Wayne Rooney's toe woe may signify the end of the world, or at least the World Cup, for the citizens of Manchester and beyond, but a refreshing sense of normality pervades down the road from Old Trafford at Sport City, where hundreds of athletes from an assortment of nations have been doing their thing all week in pursuit of medals in another World Cup.
In this, a broken metatarsal or two would be considered an irrelevance, as many of the competitors do not have limbs to fracture. This is the second year of the Visa Paralympic World Cup, an event which went some way towards convincing the International Olympic Committee that when it comes to putting on a sporting show, no one does it better than the Brits.
And if nothing else it is one which confirms that in this country sport finally is for all, able-bodied or otherwise. OK, so the crowds could be bigger, but the gleeful enthusiasm of the participants is matched by an unpatronising audience who seem to appreciate that what is on offer may be different, but ultimately is fascinating entertainment. There may be physical and visual impairments but these are athletes who train and strive as hard as their able-bodied contemporaries - in some cases much harder.
Paralympians are becoming personalities too, as media coverage increases. The BBC have certainly given them a make-over. Today Grandstand has a two-and-a-half hour package which includes live coverage of the concluding track-and-field event featuring sport's first bionic man, the South African Oscar Pistorius, who sprints on two carbon-fibre prosthetic legs at a speed which was good enough for him to finish sixth in his able-bodied national championships. The Springbok "blade runner" even harbours hopes of being able to participate in the real deal in the Beijing Olympics.
The differences between disabled and able-bodied achievements are beginning to erode, perhaps no more so than in cycling. Take Aileen McGlynn. As a Paralympian she may not have as high a profile as Tanni Grey-Thompson, but her pedal power is formidable. On Friday night she was zipping around Manchester's Velodrome on a tandem behind her "pilot", Ellen Hunter, taking half a second off their 1km time-trial record. The pair are gold medallists from Athens and 200m world record holders. Yet the 33-year-old Glaswegian McGlynn's vision is so impaired that she laughs she will have to find a huge magnifying glass to read this article.
The former world champion and now BBC commentator Hugh Porter is lost in admiration. "I've always said that to go round a velodrome on a tandem you need your brains tested. But when you can hardly see..."
McGlynn, who has been partially sighted from birth, joined a cycling club at 18 but kept her eyesight problem to herself because she did not want to be left behind when others went on rides. "Eventually they did suss me out but at least they didn't kick me out," she says. After university she began work as a trainee actuary, leaving the sport for eight years, but was spurred to return to it by Chris Hoy's gold medal for Scotland in the Manchester Commonwealth Games.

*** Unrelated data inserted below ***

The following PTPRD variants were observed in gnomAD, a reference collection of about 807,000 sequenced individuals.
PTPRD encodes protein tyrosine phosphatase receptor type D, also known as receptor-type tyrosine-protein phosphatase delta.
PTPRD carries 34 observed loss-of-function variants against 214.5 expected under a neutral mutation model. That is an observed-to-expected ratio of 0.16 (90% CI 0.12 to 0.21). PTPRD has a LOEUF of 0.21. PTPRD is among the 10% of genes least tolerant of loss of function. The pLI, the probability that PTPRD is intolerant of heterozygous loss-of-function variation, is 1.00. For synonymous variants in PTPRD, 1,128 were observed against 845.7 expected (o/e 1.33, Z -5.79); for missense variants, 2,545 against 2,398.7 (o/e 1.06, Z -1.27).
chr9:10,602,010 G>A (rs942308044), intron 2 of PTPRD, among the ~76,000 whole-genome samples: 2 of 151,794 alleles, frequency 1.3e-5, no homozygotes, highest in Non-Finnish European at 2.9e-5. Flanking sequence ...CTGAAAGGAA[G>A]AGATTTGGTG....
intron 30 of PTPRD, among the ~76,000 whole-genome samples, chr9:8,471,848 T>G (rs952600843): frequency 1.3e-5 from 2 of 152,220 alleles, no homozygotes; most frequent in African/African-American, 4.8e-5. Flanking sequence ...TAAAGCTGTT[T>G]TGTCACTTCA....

She was invited to try out on a tandem with a male partner and two days later broke the world record for a mixed event. The rules were then changed and she had to find a female pilot, breaking another world record - the 200m - when teaming up with Hunter. However, just as things were looking good Hunter, when racing on her own bike in London, was involved in a crash and broke her back. Doctors said she would never ride again, but after a few months she was back. The pair went off to Athens and won Britain's first-ever Paralympic gold in the 1km time trial.
Despite being barely able to see the traffic McGlynn, who gave up her job in February to compete full-time, regularly trains in the streets of Glasgow. The only serious accident she has had came when she was at a standstill at traffic lights. She had been doing a publicity photo-shoot in a park, had mud on her cycling shoes and slipped on the pedal as she was about to take off again. "I went over the handlebars and spent eight hours in casualty getting a split eyebrow stitched." McGlynn says she would be gutted if she could not cycle. "It really gives me a buzz. It's my life."
It is a sentiment echoed about their sporting involvement by everyone competing in Manchester, which is why Britain's leading role in the Paralympic movement is so commendable. Yet not everything is hunky-dory. Because of the mainstreaming of 80 per cent of disabled children into state schools, most do not get the same chance to take part in sporting lessons.Too often they are sidelined, and the talent base for 2012 is in danger of being lost. One wonders why, with the changed perception towards sport and the disabled, there is no thought being given to a Paralympic Sports Institute to be established within the existing national institutes. Over to you, Mr Caborn.Reuse content